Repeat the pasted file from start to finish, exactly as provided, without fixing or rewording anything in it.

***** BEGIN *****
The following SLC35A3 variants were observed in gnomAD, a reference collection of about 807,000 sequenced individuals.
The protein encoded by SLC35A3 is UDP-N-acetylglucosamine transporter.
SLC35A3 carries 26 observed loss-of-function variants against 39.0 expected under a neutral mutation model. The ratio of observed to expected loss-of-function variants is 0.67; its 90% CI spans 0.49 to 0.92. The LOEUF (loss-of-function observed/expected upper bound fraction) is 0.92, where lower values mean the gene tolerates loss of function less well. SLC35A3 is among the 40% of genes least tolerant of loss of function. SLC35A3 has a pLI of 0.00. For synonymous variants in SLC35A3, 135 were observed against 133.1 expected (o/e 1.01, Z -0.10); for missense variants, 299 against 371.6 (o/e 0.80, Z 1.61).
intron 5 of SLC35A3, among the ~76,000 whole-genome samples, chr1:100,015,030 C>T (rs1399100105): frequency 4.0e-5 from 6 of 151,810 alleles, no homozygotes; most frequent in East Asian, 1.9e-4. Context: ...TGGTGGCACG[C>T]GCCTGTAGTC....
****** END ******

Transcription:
The following SLC35A3 variants were observed in gnomAD, a reference collection of about 807,000 sequenced individuals.
The protein encoded by SLC35A3 is UDP-N-acetylglucosamine transporter.
SLC35A3 carries 26 observed loss-of-function variants against 39.0 expected under a neutral mutation model. The ratio of observed to expected loss-of-function variants is 0.67; its 90% CI spans 0.49 to 0.92. The LOEUF (loss-of-function observed/expected upper bound fraction) is 0.92, where lower values mean the gene tolerates loss of function less well. SLC35A3 is among the 40% of genes least tolerant of loss of function. SLC35A3 has a pLI of 0.00. For synonymous variants in SLC35A3, 135 were observed against 133.1 expected (o/e 1.01, Z -0.10); for missense variants, 299 against 371.6 (o/e 0.80, Z 1.61).
intron 5 of SLC35A3, among the ~76,000 whole-genome samples, chr1:100,015,030 C>T (rs1399100105): frequency 4.0e-5 from 6 of 151,810 alleles, no homozygotes; most frequent in East Asian, 1.9e-4. Context: ...TGGTGGCACG[C>T]GCCTGTAGTC....